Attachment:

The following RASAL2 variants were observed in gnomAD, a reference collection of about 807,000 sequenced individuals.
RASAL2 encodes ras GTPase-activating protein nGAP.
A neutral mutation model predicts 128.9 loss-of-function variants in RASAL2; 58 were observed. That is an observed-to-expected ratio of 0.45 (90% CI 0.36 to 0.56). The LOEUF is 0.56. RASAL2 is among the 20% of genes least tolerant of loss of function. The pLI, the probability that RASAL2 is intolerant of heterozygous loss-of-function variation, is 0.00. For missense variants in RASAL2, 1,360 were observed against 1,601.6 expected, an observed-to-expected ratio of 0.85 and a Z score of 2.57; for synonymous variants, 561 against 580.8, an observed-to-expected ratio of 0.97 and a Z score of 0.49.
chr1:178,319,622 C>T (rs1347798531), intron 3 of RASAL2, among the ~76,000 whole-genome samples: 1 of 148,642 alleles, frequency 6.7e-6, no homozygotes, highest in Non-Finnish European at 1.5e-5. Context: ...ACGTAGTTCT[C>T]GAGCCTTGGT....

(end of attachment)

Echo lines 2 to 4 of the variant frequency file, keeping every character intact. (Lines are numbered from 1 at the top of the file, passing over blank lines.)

RASAL2 encodes ras GTPase-activating protein nGAP.
A neutral mutation model predicts 128.9 loss-of-function variants in RASAL2; 58 were observed. That is an observed-to-expected ratio of 0.45 (90% CI 0.36 to 0.56). The LOEUF is 0.56. RASAL2 is among the 20% of genes least tolerant of loss of function. The pLI, the probability that RASAL2 is intolerant of heterozygous loss-of-function variation, is 0.00. For missense variants in RASAL2, 1,360 were observed against 1,601.6 expected, an observed-to-expected ratio of 0.85 and a Z score of 2.57; for synonymous variants, 561 against 580.8, an observed-to-expected ratio of 0.97 and a Z score of 0.49.
chr1:178,319,622 C>T (rs1347798531), intron 3 of RASAL2, among the ~76,000 whole-genome samples: 1 of 148,642 alleles, frequency 6.7e-6, no homozygotes, highest in Non-Finnish European at 1.5e-5. Context: ...ACGTAGTTCT[C>T]GAGCCTTGGT....